Hope Against Hope ... Has Mazzy Star Returned?
by Ron Hart
A hefty portion of us who were teens in the early nineties lost our virginity to one of two sounds: either that of a sensual balladeer working under the banner Mazzy Star, or the cacophonous rebellion of a feedback outfit named My Bloody Valentine. They addressed, in opposite ways, a feeling of momentousness tempered by confusion -- and therein lies their appeal. Mazzy Star chanteuse Hope Sandoval offered a voice that massaged the troubles of coming of age, while MBV offered release. Since that adolescent turning point, most of us may have felt similar periods of confusion or import, but likely nothing that hastens a collective coming of age quite the way the last couple months have. Likewise, since 1996, neither Sandoval nor MBV have made so much as a blip on the radar screen. Now, with the release of Bavarian Fruit Bread, and under the moniker of Hope Sandoval & The Warm Inventions, the bands are back, at least in some form. Joined by MBV drummer Colm O'Ciosoig, Sandoval is set to release the album that fans of both bands expect to be their return -- or better yet, a bastard child collaboration of the two artists' former selves. In fact, it's neither.
Sparser, lighter and undoubtedly more rustic than the dreamy psychedelia of classic Mazzy albums like She Hangs Brightly and So Tonight That I Might See, the curiously titled Bavarian Fruit Bread sounds more like a shoegazing version of some Leonard Cohen afterworld. But for O'Ciosoig, the opportunity to create something outside his sonic demographic was very enriching.
"The old stuff is great," he muses with regard to inspirations for BFB's eclecticism. "The quality of the oldies, how they came out, seems like it got lost somewhere along the way. You wonder if it's lost in the psyche of the fact that people have just gotten lazy. In the 40's and 50's, the influences of making great music with other people were so much more relevant than they are today, be it jazz or blues or folk. But it seems like [modern technology] has chipped away a lot of the artistry."
For Sandoval, who wrote the majority of BFB over the course of her four-year, unexplained hiatus from the music business, one of the primary milestones of the recording process was working with, in addition to O'Ciosoig, one of her favorite British folk guitar greats Bert Jansch.
"I don't play guitar very well," proclaims Sandoval. "So I asked Bert while I was working on the songs for this album if he would be into playing on some of them. I sent him a tape and he really liked it, and said he would do it."
Sandoval first met Jansch when Mazzy Star played a double bill with him during the Among My Swan tour. On Fruit Bread, Jansch's legendary fretwork marks a number of tracks, including the haunting "Charlotte," one of Sandoval's most arresting ballads since "Fade Into You."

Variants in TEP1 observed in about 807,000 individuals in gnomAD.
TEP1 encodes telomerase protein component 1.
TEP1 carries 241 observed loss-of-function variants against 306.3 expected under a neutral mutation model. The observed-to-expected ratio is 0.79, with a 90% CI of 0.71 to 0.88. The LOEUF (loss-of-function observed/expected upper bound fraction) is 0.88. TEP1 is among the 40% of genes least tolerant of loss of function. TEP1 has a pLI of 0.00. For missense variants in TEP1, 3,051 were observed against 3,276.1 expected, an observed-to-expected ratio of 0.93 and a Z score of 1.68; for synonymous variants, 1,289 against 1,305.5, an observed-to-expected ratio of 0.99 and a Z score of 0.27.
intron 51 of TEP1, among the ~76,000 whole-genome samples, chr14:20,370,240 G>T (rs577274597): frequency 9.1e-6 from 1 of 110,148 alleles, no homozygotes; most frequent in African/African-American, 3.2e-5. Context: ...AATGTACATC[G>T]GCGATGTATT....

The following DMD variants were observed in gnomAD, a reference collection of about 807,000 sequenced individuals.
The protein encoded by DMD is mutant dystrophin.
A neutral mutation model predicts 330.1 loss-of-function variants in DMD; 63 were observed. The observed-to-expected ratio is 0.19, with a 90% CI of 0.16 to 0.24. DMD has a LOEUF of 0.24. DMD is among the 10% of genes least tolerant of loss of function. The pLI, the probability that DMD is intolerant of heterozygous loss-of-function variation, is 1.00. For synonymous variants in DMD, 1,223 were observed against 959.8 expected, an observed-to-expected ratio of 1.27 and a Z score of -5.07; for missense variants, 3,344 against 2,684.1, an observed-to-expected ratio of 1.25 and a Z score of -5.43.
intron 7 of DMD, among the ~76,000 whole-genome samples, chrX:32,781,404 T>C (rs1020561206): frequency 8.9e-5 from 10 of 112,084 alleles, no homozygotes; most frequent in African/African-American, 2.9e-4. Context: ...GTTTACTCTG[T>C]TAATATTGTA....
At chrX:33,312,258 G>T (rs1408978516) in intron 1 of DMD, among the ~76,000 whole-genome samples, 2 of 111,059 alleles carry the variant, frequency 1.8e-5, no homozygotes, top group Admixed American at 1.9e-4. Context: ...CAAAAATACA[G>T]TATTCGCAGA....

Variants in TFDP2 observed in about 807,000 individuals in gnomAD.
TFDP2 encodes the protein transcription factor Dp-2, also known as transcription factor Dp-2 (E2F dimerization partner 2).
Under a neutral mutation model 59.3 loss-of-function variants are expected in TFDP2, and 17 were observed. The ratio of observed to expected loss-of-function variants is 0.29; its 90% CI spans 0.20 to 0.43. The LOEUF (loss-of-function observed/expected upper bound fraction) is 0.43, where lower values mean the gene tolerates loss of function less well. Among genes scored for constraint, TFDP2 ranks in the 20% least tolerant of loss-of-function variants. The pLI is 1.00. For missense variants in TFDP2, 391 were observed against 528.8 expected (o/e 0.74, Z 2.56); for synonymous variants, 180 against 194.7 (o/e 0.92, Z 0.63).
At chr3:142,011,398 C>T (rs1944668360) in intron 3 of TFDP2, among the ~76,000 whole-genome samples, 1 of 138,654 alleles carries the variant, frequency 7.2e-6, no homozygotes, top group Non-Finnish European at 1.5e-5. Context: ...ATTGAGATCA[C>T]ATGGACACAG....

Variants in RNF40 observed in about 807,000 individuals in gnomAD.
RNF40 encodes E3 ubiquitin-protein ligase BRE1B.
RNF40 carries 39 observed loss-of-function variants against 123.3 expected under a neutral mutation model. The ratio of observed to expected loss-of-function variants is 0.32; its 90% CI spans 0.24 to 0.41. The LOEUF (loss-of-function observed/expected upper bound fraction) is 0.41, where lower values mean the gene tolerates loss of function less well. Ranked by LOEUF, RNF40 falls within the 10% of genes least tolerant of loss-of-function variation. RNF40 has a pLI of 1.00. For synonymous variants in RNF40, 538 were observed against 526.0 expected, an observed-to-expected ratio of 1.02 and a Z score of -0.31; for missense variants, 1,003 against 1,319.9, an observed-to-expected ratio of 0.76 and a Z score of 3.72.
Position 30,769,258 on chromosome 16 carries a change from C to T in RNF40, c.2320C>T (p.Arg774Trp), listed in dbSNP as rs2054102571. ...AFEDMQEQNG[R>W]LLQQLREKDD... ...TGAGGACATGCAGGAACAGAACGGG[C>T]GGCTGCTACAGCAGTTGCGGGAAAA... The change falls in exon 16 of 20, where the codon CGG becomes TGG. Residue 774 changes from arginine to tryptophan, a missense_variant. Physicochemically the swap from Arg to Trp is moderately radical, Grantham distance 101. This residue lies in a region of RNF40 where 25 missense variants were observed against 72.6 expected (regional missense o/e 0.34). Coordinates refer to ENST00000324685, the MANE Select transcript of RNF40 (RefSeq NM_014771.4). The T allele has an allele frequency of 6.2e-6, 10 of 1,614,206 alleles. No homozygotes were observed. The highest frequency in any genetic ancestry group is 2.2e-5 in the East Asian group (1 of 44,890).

Sandoval says she was so pleased with the sessions between Jansch and The Warm Inventions that she might record with him once again as a duo. "But this time it'll be a bit different because he'll be writing all the music," she says. "For the tracks he did on Bavarian Fruit Bread, I wrote the songs. So next time it'll be all his music."
Undoubtedly, some of Mazzy Star and My Bloody Valentine fans will be disappointed, if not just surprised, by the unexpected sound of the collaboration. In fact, posts on various newsgroups and fan sites are decidedly split on the union, having caught an early glimpse of The Warm Inventions in the form of a four-song, import EP released last year entitled At The Doorway Again.
"It's okay, but not as moody and psychedelic as Mazzy Star," explains one poster in a Mazzy Star newsgroup. A person writing under the handle The Other White Meat on the newsgroup fa.music.ecto champions Hope Sandoval & The Warm Inventions "as languid as Mazzy Star, but more liquid."
Like most artists who refuse to speak on past milestones in their careers, Sandoval and O'Ciosoig, sitting in the Belmont Lounge in one of their first encounters with the press in quite some time, are reluctant to speak of how the union relates to their former bands. "We're just doing the kind of music that we like doing together," explains O'Ciosoig. "This is not some stiff, radio-ready pop record. We like all the rough edges. It's real music, y'know. Just as long as it's not forced. If its natural, and the musicians playing the music are enjoying it for what it is worth and what it should be, then it's gonna be alright."
They do begrudgingly admit to staying in touch with former bandmates on a personal level. O'Ciosoig confesses to meeting up with ex-partner Kevin Shields every now and again for a beer, and Sandoval stays in touch with her old Mazzy Star mate Dave Roback. Nevertheless, there's no sign of any imminent reunion between the duo. But for the legions of followers who still keep the memories of Hope Sandoval's and Colm O'Ciosoig's previous ventures in their apartments and bedrooms, online and off, no need to worry. The chemistry between them quintessentially works under the banner of Hope Sandoval & The Warm Inventions.
"It's a great bread," Sandoval muses with regard to the album's title. "You really ought to try it sometime." With the need now more than ever to return to the sounds of comfort and catharsis, her timing couldn't be better.